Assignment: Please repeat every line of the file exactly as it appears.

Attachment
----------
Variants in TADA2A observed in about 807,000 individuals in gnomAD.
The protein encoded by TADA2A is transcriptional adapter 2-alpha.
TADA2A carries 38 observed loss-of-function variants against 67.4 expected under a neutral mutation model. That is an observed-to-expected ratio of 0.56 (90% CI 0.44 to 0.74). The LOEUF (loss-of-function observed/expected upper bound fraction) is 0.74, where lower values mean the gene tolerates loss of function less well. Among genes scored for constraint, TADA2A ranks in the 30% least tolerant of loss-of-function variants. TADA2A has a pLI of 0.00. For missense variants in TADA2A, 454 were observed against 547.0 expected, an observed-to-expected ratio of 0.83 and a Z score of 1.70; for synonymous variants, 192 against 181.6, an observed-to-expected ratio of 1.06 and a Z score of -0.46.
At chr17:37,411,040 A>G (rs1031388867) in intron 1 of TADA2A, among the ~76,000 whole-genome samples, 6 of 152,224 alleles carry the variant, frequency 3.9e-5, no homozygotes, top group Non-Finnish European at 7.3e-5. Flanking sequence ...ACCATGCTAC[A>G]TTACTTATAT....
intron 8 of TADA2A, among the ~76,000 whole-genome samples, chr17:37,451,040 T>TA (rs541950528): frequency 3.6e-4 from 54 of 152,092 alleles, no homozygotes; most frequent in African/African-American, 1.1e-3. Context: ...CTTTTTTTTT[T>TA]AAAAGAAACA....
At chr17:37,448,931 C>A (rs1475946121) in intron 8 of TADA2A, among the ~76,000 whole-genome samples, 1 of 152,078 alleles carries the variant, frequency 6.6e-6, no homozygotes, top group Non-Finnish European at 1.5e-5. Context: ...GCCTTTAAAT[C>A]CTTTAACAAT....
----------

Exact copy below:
Variants in TADA2A observed in about 807,000 individuals in gnomAD.
The protein encoded by TADA2A is transcriptional adapter 2-alpha.
TADA2A carries 38 observed loss-of-function variants against 67.4 expected under a neutral mutation model. That is an observed-to-expected ratio of 0.56 (90% CI 0.44 to 0.74). The LOEUF (loss-of-function observed/expected upper bound fraction) is 0.74, where lower values mean the gene tolerates loss of function less well. Among genes scored for constraint, TADA2A ranks in the 30% least tolerant of loss-of-function variants. TADA2A has a pLI of 0.00. For missense variants in TADA2A, 454 were observed against 547.0 expected, an observed-to-expected ratio of 0.83 and a Z score of 1.70; for synonymous variants, 192 against 181.6, an observed-to-expected ratio of 1.06 and a Z score of -0.46.
At chr17:37,411,040 A>G (rs1031388867) in intron 1 of TADA2A, among the ~76,000 whole-genome samples, 6 of 152,224 alleles carry the variant, frequency 3.9e-5, no homozygotes, top group Non-Finnish European at 7.3e-5. Flanking sequence ...ACCATGCTAC[A>G]TTACTTATAT....
intron 8 of TADA2A, among the ~76,000 whole-genome samples, chr17:37,451,040 T>TA (rs541950528): frequency 3.6e-4 from 54 of 152,092 alleles, no homozygotes; most frequent in African/African-American, 1.1e-3. Context: ...CTTTTTTTTT[T>TA]AAAAGAAACA....
At chr17:37,448,931 C>A (rs1475946121) in intron 8 of TADA2A, among the ~76,000 whole-genome samples, 1 of 152,078 alleles carries the variant, frequency 6.6e-6, no homozygotes, top group Non-Finnish European at 1.5e-5. Context: ...GCCTTTAAAT[C>A]CTTTAACAAT....